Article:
I'm not hooking up a "quartz" clock as such. Maybe I did not describe it correctly. The movement inside the clock runs like a quartz clock but requires electricity from the car and in this instance 12 volts. Hope this clarifies somewhat. Chet

Offline 35-709

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Re: 1941 Cadillac Clock
« Reply #7 on: August 13, 2017, 01:16:06 PM »
And the car has been converted to 12 volts negative ground?
1935 Cadillac Sedan resto-mod "Big Red"
1973 Cadillac Caribou - Sold
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Offline C Gorgas

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Re: 1941 Cadillac Clock
« Reply #8 on: August 13, 2017, 06:45:54 PM »
No. it is 6 volt and I have an inverter/converter. Chet

Offline Paul Phillips

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Re: 1941 Cadillac Clock
« Reply #9 on: August 13, 2017, 08:11:44 PM »
Probably this is not much different than the radio interference issues from the ignition. A large value capacitor (1000 uf) will help whatever power supply in your converted clock with general voltage fluctuations. If your problem is from higher frequency noise, you need a bypass cap on the power feed to the clock - something like 0.01uf to 0.1uf. Best plan is to do both the 1000uf and a .01uf bypass in parallel.

Paul
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Offline Paul Phillips

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Re: 1941 Cadillac Clock
« Reply #10 on: August 20, 2017, 07:05:13 AM »
I just disassembled my 41 clock, which decided to quit on the way to this year's GN.  The Jaeger movement is fairly ingenious, creating a magnetic oscillator with the balance wheel - very different from the typical solenoid clock mechanism.  Unfortunately a copper contact whisker failed, where it touches the balance wheel on every cycle - that's a lot of electrical contact switching over the years!  If any of you who did a quartz conversion still have the original Jaeger movement and are willing to part with it, I would love to talk with you, hoping it has a serviceable contact whisker.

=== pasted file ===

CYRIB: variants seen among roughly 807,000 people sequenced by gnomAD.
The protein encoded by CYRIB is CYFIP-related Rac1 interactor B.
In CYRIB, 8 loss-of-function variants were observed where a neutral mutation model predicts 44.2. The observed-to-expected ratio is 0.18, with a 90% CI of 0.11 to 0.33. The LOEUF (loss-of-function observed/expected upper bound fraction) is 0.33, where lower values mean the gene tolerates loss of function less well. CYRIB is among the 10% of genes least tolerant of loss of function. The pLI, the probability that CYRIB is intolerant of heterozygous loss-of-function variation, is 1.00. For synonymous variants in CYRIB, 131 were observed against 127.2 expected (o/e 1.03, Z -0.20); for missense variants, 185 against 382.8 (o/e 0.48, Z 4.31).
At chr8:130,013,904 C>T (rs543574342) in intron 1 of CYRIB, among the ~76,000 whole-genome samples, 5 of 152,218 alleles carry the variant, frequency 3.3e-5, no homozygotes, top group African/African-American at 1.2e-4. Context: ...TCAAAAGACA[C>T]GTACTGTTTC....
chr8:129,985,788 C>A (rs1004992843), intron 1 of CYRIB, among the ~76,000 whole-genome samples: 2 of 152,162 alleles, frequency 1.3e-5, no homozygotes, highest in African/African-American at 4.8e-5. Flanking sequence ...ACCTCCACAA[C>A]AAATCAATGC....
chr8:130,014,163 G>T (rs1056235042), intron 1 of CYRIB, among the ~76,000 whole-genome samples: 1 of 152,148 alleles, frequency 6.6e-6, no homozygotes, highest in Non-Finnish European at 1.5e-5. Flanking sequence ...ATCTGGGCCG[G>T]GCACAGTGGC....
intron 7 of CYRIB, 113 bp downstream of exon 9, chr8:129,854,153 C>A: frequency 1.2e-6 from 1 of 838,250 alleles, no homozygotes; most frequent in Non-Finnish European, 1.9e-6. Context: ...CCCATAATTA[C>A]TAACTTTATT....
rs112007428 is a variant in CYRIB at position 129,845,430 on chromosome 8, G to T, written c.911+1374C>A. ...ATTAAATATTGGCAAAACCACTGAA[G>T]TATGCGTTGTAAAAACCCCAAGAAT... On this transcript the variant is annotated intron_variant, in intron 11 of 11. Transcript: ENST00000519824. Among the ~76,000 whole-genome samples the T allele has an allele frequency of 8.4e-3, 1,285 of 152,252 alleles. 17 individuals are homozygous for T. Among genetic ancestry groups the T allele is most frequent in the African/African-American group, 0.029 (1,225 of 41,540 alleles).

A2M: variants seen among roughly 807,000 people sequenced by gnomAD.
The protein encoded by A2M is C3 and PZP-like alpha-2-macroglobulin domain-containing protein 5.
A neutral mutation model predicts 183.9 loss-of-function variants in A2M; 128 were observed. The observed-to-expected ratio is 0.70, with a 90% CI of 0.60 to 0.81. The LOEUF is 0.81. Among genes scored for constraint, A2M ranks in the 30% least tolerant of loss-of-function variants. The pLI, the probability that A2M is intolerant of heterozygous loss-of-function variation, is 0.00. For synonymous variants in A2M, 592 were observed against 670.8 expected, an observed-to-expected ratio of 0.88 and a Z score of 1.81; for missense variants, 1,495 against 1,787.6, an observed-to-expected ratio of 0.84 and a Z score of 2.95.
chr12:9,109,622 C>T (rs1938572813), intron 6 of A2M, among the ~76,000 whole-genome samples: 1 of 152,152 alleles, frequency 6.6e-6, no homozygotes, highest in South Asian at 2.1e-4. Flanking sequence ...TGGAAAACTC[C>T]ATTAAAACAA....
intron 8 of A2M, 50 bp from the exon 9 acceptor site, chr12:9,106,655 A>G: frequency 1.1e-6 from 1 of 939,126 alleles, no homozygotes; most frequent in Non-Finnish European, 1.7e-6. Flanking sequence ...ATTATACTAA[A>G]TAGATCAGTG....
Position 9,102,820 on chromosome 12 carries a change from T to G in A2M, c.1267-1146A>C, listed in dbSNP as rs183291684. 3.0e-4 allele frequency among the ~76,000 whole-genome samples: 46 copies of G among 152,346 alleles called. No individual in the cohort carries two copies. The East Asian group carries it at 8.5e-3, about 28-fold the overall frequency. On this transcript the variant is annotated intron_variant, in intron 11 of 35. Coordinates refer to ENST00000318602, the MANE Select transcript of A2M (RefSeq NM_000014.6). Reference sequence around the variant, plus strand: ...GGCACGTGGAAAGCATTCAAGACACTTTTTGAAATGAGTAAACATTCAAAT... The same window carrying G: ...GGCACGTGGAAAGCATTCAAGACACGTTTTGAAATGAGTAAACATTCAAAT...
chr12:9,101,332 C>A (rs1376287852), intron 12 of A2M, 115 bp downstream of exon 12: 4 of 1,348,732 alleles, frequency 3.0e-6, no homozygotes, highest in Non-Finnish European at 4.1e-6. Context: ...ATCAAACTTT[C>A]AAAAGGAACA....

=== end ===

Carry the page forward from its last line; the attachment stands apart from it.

Thanks
Paul
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1941 60 Special (6019S)
1949 60 Special (6069X)

Offline 35-709

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Re: 1941 Cadillac Clock
« Reply #11 on: August 20, 2017, 08:29:30 AM »
How about contacting one of the many outfits that rebuild or convert old clocks.  They may have boxes of old movements lying around, if they haven't discarded them.  Instrument Services   https://www.clocksandgauges.com/    is but one company that I have had experience with.
1935 Cadillac Sedan resto-mod "Big Red"
1973 Cadillac Caribou - Sold
1950 Jaguar Mark V Saloon resto-mod

Offline C Gorgas

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Re: 1941 Cadillac Clock
« Reply #12 on: September 16, 2017, 07:48:47 PM »
Just to give all of you an update on my "galloping time" clock. The advice given using a capacitor 1000uf worked; all is normal thanks for everyone's input. Chet 25441

Offline jackworstell

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Re: 1941 Cadillac Clock
« Reply #13 on: September 17, 2017, 07:20:51 AM »
Paul....I'm not clear how the 1000uf   and the 0.01uf capacitors are wired into the clock power feed...please clarify.

Jack Worstell       jlwmaster@aol.com

Offline Paul Phillips

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Re: 1941 Cadillac Clock
« Reply #14 on: September 17, 2017, 08:06:15 AM »
Jack
The capacitors are connected between the battery power lead and ground at the clock. For the 1000uf, it will be a polarized cap, so orientation is important. An original 1941 car electrical system is positive ground, so the cap's + lead goes to ground and the - to the battery terminal on the clock. The 0.01uf is not polarized, so connect one lead to ground and one to the battery terminal on the clock. If someone has modified the car to 12v negative ground, the cap's + lead would go to the terminal on the clock and the - to ground.

Paul
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1941 60 Special (6019S)
1949 60 Special (6069X)

Offline jackworstell

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Re: 1941 Cadillac Clock
« Reply #15 on: September 17, 2017, 12:53:07 PM »
Thanks Paul

Jack